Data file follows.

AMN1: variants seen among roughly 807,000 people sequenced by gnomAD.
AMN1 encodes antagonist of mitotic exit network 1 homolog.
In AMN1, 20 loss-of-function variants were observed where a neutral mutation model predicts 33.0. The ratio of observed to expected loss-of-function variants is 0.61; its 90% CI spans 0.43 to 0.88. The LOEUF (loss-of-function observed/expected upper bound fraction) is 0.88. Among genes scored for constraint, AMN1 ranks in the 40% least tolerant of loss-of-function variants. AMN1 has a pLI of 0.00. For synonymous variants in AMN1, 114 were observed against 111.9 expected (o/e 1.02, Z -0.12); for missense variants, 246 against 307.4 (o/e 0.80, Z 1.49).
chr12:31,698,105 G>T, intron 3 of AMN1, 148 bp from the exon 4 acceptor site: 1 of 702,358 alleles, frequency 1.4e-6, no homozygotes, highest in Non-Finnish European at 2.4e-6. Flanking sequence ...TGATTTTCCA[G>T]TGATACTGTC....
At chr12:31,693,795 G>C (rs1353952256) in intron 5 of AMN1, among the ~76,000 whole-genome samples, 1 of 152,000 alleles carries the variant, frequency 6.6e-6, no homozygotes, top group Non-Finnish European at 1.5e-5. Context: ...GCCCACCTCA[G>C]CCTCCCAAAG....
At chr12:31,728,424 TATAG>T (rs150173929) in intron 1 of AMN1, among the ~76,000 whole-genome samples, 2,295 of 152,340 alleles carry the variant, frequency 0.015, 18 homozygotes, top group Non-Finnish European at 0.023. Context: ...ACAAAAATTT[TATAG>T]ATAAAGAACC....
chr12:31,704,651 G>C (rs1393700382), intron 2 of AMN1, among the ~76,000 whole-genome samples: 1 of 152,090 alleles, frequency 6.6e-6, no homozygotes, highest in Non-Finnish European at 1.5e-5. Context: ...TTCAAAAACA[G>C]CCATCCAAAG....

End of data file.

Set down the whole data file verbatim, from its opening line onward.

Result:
AMN1: variants seen among roughly 807,000 people sequenced by gnomAD.
AMN1 encodes antagonist of mitotic exit network 1 homolog.
In AMN1, 20 loss-of-function variants were observed where a neutral mutation model predicts 33.0. The ratio of observed to expected loss-of-function variants is 0.61; its 90% CI spans 0.43 to 0.88. The LOEUF (loss-of-function observed/expected upper bound fraction) is 0.88. Among genes scored for constraint, AMN1 ranks in the 40% least tolerant of loss-of-function variants. AMN1 has a pLI of 0.00. For synonymous variants in AMN1, 114 were observed against 111.9 expected (o/e 1.02, Z -0.12); for missense variants, 246 against 307.4 (o/e 0.80, Z 1.49).
chr12:31,698,105 G>T, intron 3 of AMN1, 148 bp from the exon 4 acceptor site: 1 of 702,358 alleles, frequency 1.4e-6, no homozygotes, highest in Non-Finnish European at 2.4e-6. Flanking sequence ...TGATTTTCCA[G>T]TGATACTGTC....
At chr12:31,693,795 G>C (rs1353952256) in intron 5 of AMN1, among the ~76,000 whole-genome samples, 1 of 152,000 alleles carries the variant, frequency 6.6e-6, no homozygotes, top group Non-Finnish European at 1.5e-5. Context: ...GCCCACCTCA[G>C]CCTCCCAAAG....
At chr12:31,728,424 TATAG>T (rs150173929) in intron 1 of AMN1, among the ~76,000 whole-genome samples, 2,295 of 152,340 alleles carry the variant, frequency 0.015, 18 homozygotes, top group Non-Finnish European at 0.023. Context: ...ACAAAAATTT[TATAG>T]ATAAAGAACC....
chr12:31,704,651 G>C (rs1393700382), intron 2 of AMN1, among the ~76,000 whole-genome samples: 1 of 152,090 alleles, frequency 6.6e-6, no homozygotes, highest in Non-Finnish European at 1.5e-5. Context: ...TTCAAAAACA[G>C]CCATCCAAAG....